Covid-19: “AY4.2”, a subvariant of Delta, potentially more transmissible, according to the United Kingdom

It is scrutinized by experts around the world. In the UK, Delta’s subvariant ‘AY4.2’ is now considered a ‘variant under investigation (VUI)’ by the UK Health Safety Agency and is climbing by a step in the English classification, which ranks the variants according to their dangerousness.

“Preliminary elements seem to prove that it has a higher transmission rate compared to the Delta”, explained the British Public Health Agency, to justify this decision, taken on October 20, but unveiled this Friday. Thus, the English authorities will redouble their efforts to sequence and study the AY4.2 variant.

Indeed, the British authorities consider that the progression of this form of Sars-Cov-2, very close to the Delta variant, but with a few different mutations, justifies reinforced monitoring by scientists. Until now, this strain was still monitored, but classified a step below “VUI”.

From 2% to now 6% of analyzes

AY4.2 went from less than 2% of screenings analyzed in July to more than 6% in October. If it proliferates, this is potentially a sign that it has an advantage over other variants in circulation. “It’s worth keeping an eye on him,” epidemiologist François Balloux said on Twitter last week.

“Its recent increase would be consistent with a ~ 10% transferability advantage. Although, based on its genetic makeup, it is not a priori an obvious candidate for VOC, ”he then summarized, VOC being the highest classification (Variant of concern).

However, the progression of AY4.2 may be the result of other factors than its inherent contagiousness. “More evidence is needed to determine if this is related to a change in the behavior of the virus or to epidemiological conditions,” the Public Health Agency said on Friday. Thus, being investigated does not mean “more contagious” or “more dangerous”, but there is still a risk, which scientists are trying to measure.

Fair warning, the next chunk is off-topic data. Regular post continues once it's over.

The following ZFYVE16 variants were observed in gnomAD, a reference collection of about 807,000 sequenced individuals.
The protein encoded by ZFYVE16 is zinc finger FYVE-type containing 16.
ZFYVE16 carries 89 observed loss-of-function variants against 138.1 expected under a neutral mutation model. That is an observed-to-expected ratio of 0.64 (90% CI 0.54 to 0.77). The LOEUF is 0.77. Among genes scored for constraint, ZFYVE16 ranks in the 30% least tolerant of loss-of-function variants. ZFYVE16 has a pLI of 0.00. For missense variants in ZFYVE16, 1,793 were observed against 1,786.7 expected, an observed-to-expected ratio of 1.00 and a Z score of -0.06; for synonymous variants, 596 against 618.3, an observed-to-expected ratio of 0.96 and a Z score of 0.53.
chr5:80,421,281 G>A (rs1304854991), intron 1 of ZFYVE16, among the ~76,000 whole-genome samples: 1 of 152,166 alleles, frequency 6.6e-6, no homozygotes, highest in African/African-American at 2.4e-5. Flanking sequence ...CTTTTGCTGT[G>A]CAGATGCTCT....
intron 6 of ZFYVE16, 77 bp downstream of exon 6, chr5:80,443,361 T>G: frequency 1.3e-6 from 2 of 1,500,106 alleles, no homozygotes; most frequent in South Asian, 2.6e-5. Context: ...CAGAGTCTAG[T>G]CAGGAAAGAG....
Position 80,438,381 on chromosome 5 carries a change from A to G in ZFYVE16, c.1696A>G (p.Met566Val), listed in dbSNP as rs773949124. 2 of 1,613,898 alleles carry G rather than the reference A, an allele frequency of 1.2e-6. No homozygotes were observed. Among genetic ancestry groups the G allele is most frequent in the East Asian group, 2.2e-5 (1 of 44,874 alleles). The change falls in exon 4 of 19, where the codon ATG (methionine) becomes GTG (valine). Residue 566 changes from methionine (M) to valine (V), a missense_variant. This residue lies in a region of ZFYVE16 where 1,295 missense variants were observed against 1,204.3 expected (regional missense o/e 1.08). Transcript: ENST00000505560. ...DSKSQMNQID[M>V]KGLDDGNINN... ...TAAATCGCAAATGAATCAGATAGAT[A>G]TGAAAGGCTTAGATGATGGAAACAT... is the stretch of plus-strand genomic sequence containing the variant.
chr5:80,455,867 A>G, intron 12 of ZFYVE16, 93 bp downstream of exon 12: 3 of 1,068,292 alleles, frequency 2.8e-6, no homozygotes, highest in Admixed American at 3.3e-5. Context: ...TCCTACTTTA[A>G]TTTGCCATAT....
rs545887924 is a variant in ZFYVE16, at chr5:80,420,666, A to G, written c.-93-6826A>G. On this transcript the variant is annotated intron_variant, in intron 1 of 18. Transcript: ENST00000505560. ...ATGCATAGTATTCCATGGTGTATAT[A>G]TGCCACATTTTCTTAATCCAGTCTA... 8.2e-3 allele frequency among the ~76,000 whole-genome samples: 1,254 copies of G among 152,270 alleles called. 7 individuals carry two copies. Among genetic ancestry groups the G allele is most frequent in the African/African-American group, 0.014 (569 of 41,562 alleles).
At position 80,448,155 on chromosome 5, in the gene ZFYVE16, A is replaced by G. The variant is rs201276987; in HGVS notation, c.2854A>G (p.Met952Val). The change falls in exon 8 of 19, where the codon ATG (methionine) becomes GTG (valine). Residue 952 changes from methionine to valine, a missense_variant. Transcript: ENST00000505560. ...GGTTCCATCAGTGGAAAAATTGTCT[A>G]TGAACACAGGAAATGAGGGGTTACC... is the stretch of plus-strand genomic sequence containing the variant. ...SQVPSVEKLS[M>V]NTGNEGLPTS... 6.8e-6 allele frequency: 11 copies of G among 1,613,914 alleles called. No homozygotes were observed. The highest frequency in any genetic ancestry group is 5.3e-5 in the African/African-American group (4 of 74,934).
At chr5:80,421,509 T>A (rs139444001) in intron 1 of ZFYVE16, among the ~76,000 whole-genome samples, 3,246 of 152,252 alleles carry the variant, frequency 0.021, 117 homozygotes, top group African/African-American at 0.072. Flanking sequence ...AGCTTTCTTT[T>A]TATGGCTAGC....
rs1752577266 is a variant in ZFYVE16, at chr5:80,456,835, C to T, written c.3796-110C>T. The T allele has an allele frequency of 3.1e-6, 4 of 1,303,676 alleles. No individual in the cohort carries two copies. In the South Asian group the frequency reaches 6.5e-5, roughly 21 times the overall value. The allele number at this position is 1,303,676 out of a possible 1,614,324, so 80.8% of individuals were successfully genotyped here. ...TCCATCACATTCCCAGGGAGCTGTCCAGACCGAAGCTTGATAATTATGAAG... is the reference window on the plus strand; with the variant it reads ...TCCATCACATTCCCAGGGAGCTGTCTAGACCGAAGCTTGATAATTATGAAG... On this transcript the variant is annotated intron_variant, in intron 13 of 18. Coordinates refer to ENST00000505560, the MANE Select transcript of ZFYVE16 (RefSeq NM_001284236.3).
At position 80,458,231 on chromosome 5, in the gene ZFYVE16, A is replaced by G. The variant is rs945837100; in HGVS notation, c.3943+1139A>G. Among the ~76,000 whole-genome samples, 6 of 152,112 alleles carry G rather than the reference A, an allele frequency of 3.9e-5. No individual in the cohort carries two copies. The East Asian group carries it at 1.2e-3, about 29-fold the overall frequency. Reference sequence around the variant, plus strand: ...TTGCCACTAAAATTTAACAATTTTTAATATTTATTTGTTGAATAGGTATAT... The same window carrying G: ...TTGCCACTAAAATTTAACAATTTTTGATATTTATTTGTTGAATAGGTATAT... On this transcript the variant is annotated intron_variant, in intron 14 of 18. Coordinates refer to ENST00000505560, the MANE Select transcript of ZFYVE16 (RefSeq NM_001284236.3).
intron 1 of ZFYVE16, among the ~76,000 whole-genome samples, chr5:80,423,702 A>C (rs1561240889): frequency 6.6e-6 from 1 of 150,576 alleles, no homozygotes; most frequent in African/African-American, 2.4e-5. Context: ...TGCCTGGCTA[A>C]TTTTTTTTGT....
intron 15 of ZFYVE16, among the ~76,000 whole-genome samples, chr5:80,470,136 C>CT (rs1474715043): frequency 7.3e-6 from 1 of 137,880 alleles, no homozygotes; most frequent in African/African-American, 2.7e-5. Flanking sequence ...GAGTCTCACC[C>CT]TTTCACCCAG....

The effectiveness of vaccines not questioned

“No one can say that there is evidence to say that this virus is different, that is to say more severe, more transmissible, or evading the vaccine response differently,” he said. morning during a press point Sibylle Bernard-Stoecklin, epidemiologist at Public Health France.

An in-depth analysis of this subline and its characteristics is currently being carried out in France. For its part, the WHO did not include AY4.2 in the “VOI”, the equivalent of the British “VUI” classification, precisely because of the lack of a sufficient number of data.

This variant “does not seem to cause a more serious version of the disease or to make the vaccines currently distributed less effective”, the British Agency nevertheless stressed on Friday. That it is from the Delta variant does not necessarily mean that it is more dangerous than a form of Sars-Cov-2. Each line of Sars-Cov-2 accumulates an average of two mutations per month. Delta now has 45 sublines.

If AY4.2 is so closely watched, it is also because of the Anglo-Saxon context. The epidemic is progressing again in the United Kingdom, which on Thursday recorded more than 50,000 new cases tested positive, for the first time since July. The number of hospital admissions is up about 19% from last week’s toll.

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Covid19 AY42 subvariant Delta potentially transmissible United Kingdom

 
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